PHOENIX (AP) - The Latest on a lawsuit against a voter-approved minimum wage increase in Arizona (all times local):

7:26

Arizona Gov. Doug Ducey and legislative leaders are putting pressure on the state Supreme Court to block a voter-approved minimum wage increase that's set to take effect in four days.

House Speaker-elect J.D. Mesnard and Senate President-elect Steve Yarbrough, both Republicans, filed an amicus brief on Wednesday urging the court to block Proposition 206 while it is challenged in court. Ducey's Office of Strategic Planning & Budgeting joined their filing.

The lawsuit filed by the Arizona Chamber of Commerce argues that even though Proposition 206 exempts state employees, Arizona must boost pay for health contractors and cover costs to enforce the law. They say the measure includes no required funding source.

A judge last week refused to block the measure, and the chamber and other business groups filed an appeal.

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5:35 p.m.

Arizona Attorney General Mark Brnovich has filed his response in a lawsuit against the voter-approved minimum wage increase that is now in the hands of the state Supreme Court.

Brnovich says blocking Proposition 206, which is set to take effect on Sunday, would violate strong public policy that favors democracy through initiatives. The measure increases the minimum wage from $8.05 an hour to $10 an hour next year.

The lawsuit by the Arizona Chamber of commerce and other business groups argues that the part of the measure requiring employers to provide sick time violates rules saying initiatives can only address one subject. It says Prop. 206 forces the state to boost pay for some contractors and to pay to enforce the law.

A trial judge rejected both arguments last week in a ruling now being appealed by the Chamber.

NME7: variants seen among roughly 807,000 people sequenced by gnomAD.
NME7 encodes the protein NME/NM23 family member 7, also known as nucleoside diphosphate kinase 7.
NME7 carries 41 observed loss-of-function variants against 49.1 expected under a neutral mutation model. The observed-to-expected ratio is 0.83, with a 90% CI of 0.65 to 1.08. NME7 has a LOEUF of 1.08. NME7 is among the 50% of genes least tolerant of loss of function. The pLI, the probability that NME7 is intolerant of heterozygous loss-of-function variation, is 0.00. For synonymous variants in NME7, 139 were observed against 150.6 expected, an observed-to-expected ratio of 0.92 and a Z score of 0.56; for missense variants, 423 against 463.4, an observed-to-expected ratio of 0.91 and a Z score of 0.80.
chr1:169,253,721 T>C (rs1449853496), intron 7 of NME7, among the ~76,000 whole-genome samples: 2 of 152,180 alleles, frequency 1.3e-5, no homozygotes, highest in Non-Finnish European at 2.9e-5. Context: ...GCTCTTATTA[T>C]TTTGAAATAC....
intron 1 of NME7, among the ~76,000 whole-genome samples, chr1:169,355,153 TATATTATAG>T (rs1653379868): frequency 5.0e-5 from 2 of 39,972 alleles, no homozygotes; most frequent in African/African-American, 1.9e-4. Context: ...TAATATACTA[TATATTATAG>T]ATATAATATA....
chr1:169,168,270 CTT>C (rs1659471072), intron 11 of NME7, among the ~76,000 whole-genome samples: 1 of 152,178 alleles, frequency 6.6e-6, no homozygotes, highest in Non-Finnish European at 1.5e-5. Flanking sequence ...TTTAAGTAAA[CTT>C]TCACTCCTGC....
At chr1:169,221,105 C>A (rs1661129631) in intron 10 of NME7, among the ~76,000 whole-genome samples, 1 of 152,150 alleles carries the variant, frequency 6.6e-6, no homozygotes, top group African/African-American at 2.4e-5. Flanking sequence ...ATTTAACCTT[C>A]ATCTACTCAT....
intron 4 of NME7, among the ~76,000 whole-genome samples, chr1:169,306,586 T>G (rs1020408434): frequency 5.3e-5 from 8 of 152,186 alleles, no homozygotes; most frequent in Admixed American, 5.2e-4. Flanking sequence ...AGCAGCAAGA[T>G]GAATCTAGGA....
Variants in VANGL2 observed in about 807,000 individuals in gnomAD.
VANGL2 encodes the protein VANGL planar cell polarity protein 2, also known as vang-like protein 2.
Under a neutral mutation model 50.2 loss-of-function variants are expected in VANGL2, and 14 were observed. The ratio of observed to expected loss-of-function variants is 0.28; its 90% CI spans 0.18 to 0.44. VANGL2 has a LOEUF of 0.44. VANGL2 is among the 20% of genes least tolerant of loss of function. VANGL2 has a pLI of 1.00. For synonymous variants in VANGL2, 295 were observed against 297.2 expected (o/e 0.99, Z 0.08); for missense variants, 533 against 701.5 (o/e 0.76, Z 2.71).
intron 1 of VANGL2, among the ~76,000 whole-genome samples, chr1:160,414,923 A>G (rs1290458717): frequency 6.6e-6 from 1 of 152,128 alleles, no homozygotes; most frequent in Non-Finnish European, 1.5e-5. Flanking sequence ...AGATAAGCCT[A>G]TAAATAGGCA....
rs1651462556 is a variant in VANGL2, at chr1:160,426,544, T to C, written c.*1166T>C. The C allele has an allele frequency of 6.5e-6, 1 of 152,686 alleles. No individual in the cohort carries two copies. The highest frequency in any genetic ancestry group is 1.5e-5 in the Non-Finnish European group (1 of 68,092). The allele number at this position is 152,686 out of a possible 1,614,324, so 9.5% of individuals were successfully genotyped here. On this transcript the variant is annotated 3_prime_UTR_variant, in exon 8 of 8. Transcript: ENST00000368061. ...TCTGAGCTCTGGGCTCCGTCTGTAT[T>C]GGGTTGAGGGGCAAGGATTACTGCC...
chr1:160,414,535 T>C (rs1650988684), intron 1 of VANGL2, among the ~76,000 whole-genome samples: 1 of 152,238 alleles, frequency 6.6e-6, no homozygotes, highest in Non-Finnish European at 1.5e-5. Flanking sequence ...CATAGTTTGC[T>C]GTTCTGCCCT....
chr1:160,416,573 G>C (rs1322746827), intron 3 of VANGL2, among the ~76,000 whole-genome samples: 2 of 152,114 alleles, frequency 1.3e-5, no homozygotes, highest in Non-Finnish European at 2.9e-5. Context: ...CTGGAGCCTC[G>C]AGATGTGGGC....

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4:33 p.m.

Maricopa County has filed a brief in support of a lawsuit challenging a voter-approved minimum wage increase, saying it will also be hurt by the measure.

The county filed the amicus brief on Wednesday saying that Proposition 206 puts county government in an "untenable" position.

The proposition raises the minimum wage from $8.05 to $10 on Jan. 1 and $12 in 2020.

The county says in the court filing that about six percent of school district employees would be affected by the law.

The Arizona Supreme Court is expected to decide whether the law will take effect while it is challenged in court.

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The state Supreme Court is set to decide whether hundreds of thousands of Arizona workers see a boost in their pay starting Jan. 1 under terms of a voter-approved measure boosting minimum wages.

The Arizona Chamber of Commerce is leading a coalition of business groups urging the court to block the increase. They argue that even though Proposition 206 exempts state employees Arizona must boost pay for health contractors and cover costs to enforce the law. They say the measure includes no required funding source.

The Chamber also argues the measure illegally includes a second provision, mandatory sick pay.

A trial judge rejected both arguments last week. Attorney General Mark Brnovich's office and Proposition 206 proponents are defending the law.

A high court decision is expected this week.